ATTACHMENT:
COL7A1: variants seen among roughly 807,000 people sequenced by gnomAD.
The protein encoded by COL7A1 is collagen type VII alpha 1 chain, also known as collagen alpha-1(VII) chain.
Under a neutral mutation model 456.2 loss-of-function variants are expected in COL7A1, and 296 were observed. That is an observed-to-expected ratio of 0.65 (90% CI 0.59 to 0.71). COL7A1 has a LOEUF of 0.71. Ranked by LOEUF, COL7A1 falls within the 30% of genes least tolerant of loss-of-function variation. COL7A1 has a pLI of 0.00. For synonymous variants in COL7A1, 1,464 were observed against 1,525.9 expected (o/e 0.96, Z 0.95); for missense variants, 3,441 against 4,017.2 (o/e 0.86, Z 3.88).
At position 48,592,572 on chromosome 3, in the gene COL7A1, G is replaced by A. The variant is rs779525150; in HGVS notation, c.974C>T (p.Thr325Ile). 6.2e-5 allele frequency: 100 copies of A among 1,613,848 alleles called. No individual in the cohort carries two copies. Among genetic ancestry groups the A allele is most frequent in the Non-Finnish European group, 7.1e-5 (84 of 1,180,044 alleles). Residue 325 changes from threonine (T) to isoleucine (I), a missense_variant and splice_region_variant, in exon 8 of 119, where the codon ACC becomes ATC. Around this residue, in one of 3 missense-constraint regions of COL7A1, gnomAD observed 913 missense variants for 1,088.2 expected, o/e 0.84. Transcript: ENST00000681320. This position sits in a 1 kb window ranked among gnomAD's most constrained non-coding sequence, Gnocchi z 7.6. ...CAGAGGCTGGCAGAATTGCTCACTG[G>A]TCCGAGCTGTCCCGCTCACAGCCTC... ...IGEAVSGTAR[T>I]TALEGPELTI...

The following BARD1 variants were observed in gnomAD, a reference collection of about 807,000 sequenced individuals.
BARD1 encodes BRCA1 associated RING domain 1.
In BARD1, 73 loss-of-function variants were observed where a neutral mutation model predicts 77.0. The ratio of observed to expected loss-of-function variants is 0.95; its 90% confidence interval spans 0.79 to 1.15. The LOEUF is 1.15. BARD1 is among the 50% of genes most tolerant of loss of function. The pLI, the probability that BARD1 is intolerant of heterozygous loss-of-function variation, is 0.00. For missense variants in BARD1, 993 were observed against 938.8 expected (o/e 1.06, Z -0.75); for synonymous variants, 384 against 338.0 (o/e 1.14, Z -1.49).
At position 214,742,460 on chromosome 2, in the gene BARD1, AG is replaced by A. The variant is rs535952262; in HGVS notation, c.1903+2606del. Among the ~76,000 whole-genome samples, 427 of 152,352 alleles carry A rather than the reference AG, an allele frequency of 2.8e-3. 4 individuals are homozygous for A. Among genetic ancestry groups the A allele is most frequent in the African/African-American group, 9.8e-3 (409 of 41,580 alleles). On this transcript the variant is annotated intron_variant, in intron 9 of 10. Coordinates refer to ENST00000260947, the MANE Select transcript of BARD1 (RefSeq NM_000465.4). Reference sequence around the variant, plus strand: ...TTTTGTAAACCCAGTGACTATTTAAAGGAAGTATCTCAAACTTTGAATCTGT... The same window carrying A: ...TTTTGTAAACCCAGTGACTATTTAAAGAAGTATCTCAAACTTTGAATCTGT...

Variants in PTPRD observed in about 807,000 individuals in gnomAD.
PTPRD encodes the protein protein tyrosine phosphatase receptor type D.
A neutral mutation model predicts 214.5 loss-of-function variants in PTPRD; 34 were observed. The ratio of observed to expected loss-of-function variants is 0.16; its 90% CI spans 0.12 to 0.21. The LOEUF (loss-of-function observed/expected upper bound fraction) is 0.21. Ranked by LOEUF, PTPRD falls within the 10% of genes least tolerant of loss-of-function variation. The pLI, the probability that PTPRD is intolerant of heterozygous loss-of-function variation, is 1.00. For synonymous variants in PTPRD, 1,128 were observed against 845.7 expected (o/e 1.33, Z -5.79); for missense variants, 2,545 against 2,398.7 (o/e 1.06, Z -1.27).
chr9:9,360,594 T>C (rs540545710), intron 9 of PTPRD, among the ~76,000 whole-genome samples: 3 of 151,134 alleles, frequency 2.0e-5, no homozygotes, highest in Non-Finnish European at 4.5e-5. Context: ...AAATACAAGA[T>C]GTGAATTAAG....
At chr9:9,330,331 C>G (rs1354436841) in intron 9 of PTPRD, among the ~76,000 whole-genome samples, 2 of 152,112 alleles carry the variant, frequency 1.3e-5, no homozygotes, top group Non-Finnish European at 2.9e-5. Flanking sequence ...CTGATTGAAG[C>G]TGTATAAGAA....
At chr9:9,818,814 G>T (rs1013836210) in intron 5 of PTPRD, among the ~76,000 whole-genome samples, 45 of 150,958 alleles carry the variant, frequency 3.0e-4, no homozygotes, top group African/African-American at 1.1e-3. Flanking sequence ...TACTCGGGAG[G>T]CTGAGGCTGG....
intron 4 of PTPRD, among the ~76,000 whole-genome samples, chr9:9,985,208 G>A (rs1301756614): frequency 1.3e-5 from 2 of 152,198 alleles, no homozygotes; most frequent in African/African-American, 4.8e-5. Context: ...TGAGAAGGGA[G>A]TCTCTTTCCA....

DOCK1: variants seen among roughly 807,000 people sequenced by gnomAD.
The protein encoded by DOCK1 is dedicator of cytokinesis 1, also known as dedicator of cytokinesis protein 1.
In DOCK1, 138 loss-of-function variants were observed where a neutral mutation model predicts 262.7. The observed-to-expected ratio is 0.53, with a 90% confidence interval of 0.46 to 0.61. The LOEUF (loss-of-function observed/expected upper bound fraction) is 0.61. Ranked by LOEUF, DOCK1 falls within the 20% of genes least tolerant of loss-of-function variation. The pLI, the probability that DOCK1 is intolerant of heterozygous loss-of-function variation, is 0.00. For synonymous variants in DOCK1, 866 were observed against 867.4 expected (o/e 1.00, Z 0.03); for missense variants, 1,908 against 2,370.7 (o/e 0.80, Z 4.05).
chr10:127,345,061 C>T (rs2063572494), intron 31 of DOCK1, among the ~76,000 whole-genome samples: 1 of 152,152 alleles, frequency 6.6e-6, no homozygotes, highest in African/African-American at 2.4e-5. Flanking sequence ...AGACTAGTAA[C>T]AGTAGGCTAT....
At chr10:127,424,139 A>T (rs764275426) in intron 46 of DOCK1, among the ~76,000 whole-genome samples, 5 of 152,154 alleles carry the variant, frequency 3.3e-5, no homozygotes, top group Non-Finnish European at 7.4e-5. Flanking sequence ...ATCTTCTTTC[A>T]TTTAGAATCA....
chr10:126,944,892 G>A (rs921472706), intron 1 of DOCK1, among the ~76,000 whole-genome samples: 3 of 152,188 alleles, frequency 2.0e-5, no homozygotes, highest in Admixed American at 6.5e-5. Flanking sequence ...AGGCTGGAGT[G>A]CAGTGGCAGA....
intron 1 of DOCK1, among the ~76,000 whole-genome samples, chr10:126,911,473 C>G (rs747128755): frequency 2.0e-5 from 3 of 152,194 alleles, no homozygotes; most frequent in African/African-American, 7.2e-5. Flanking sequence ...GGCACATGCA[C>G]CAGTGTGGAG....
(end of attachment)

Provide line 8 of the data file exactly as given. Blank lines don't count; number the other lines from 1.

At position 214,742,460 on chromosome 2, in the gene BARD1, AG is replaced by A. The variant is rs535952262; in HGVS notation, c.1903+2606del. Among the ~76,000 whole-genome samples, 427 of 152,352 alleles carry A rather than the reference AG, an allele frequency of 2.8e-3. 4 individuals are homozygous for A. Among genetic ancestry groups the A allele is most frequent in the African/African-American group, 9.8e-3 (409 of 41,580 alleles). On this transcript the variant is annotated intron_variant, in intron 9 of 10. Coordinates refer to ENST00000260947, the MANE Select transcript of BARD1 (RefSeq NM_000465.4). Reference sequence around the variant, plus strand: ...TTTTGTAAACCCAGTGACTATTTAAAGGAAGTATCTCAAACTTTGAATCTGT... The same window carrying A: ...TTTTGTAAACCCAGTGACTATTTAAAGAAGTATCTCAAACTTTGAATCTGT...